Religious Group Tries Letter-Writing Campaign to Topple .XXX
Using an editable electronic form letter that is sent directly to ICANN, the Illinois Family Institute hopes to sway the board of the Internet domain name overseer to nix .XXX when it comes up for a vote in late June at its Brussels meeting.
The group's executive director told XBIZ that within just one day "hundreds" have filled out the form that has been forwarded to ICANN.
David E. Smith, the Illinois Family Institute's executive director said that .XXX has been on the group's radar for more than five years.
"The first and foremost reason why we are making this move is that .XXX would promote the legitimacy of porn," he said. "But the truth is that the vast majority of porn is obscene, and there is overwhelming opposition in this country and abroad.
"A .XXX domain will increase the amount of porn on the Internet and make it more available to both adults and children. We hope to have thousands of letters in opposition to .XXX sent to ICANN's board before its vote."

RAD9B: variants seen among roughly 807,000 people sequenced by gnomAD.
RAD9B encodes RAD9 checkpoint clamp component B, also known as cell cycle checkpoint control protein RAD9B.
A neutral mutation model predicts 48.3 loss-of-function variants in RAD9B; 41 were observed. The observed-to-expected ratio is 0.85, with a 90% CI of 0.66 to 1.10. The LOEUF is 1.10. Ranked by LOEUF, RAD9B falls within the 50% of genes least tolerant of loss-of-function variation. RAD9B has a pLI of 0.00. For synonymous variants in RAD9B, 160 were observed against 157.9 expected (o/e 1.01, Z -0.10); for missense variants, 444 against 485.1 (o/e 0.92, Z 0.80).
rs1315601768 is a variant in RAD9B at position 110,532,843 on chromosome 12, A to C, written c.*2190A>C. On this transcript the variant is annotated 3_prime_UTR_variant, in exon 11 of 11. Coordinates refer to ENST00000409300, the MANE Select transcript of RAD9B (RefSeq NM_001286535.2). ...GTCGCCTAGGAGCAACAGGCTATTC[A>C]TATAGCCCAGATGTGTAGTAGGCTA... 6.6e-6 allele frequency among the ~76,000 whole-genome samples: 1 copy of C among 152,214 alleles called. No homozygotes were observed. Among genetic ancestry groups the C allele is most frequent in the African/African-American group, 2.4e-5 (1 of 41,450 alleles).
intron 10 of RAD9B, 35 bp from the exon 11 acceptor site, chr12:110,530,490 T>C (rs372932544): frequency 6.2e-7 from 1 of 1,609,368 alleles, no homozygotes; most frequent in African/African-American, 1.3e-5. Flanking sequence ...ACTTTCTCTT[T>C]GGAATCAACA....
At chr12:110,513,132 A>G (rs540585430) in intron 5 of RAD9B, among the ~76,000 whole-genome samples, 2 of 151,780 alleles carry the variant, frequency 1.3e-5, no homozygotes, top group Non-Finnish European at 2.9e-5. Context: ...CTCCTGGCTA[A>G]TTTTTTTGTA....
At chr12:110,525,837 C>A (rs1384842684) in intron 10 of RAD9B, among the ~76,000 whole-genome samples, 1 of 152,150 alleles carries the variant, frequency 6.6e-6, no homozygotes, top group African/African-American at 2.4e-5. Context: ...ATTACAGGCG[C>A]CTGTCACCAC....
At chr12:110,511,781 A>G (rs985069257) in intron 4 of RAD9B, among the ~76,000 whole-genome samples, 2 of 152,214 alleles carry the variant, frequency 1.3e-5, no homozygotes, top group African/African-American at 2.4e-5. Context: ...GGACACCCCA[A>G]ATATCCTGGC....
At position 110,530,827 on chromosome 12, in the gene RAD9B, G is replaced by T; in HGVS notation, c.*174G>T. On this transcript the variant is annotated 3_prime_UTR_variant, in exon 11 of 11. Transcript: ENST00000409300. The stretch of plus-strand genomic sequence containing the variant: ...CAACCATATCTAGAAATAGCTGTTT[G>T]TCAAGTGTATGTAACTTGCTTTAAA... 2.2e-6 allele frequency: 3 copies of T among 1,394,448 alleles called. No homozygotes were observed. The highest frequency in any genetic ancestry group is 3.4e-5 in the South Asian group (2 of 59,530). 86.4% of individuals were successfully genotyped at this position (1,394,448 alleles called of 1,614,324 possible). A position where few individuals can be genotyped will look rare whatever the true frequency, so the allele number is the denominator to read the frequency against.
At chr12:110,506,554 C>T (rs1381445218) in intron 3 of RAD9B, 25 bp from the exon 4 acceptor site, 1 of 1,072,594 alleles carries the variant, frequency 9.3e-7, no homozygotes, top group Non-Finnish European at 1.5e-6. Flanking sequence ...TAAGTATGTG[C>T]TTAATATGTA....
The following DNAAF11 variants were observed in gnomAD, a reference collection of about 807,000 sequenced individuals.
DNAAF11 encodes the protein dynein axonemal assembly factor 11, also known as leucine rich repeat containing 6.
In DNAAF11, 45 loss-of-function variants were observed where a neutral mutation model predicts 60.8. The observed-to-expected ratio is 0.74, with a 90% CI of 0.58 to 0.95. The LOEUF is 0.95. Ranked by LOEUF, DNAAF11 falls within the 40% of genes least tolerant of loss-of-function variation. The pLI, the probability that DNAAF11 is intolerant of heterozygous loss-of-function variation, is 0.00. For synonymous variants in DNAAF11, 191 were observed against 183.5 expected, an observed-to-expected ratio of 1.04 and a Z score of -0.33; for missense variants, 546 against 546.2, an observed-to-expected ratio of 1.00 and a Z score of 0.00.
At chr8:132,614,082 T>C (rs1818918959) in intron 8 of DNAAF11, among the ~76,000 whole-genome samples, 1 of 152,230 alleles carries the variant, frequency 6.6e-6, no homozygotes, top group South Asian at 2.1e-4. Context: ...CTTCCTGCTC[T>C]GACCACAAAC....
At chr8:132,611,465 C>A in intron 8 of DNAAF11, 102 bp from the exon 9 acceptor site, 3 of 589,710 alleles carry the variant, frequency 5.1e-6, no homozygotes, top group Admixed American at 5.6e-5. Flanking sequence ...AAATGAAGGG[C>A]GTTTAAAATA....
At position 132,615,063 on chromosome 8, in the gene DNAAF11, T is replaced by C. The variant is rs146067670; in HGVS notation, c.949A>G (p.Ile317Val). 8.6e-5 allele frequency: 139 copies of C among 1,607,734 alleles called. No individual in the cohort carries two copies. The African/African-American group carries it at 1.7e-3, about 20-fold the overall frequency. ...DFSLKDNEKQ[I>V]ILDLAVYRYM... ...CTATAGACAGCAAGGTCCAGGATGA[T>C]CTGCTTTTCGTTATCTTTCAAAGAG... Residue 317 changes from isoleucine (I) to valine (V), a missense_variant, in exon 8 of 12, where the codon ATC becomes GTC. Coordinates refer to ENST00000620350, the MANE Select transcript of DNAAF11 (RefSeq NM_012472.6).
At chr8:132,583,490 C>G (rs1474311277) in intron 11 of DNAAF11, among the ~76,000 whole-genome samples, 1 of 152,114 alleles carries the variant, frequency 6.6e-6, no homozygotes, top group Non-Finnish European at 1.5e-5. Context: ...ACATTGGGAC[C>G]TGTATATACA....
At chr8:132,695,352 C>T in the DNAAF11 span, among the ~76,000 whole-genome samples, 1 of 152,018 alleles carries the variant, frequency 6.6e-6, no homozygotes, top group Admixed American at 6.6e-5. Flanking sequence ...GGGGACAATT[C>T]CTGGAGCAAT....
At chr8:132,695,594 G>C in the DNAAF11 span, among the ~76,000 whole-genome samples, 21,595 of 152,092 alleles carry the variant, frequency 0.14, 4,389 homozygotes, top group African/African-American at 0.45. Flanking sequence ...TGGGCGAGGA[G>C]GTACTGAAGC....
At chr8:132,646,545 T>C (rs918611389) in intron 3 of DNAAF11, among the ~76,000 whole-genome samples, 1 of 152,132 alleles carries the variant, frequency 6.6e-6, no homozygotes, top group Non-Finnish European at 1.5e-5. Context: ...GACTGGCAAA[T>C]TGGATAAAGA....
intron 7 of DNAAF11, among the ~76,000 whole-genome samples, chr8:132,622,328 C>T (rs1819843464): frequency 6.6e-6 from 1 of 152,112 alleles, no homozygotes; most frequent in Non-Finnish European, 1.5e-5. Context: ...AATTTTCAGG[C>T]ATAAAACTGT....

The Illinois Family Institute's plea on its site includes a letter from Patrick Trueman, who formerly led the Justice Department's Child Exploitation and Obscenity unit and is considered a "good friend" of the organization.
Trueman said in the letter that "there is also absolutely no evidence that any good would come of [.XXX] ... It appears that the company proposing it is merely seeking enrichment at the expense of the public."
Diane Duke, the Free Speech Coalition's executive director, said that the consensus on both sides of the fence is that .XXX would be just bad policy.
"Rarely do we find ourselves on the same side of an issues as anti-adult industry groups but it would seem that nobody likes the idea of a sponsored .XXX TLD except, of course, Stuart Lawley."
Lawley is the architect of .XXX who stands to gain financially if ICANN's board gives it the green light. If approved, his company, ICM Registry, would become the gatekeeper for the sTLD, requiring it to monitor registrant compliance with content site-labeling requirements.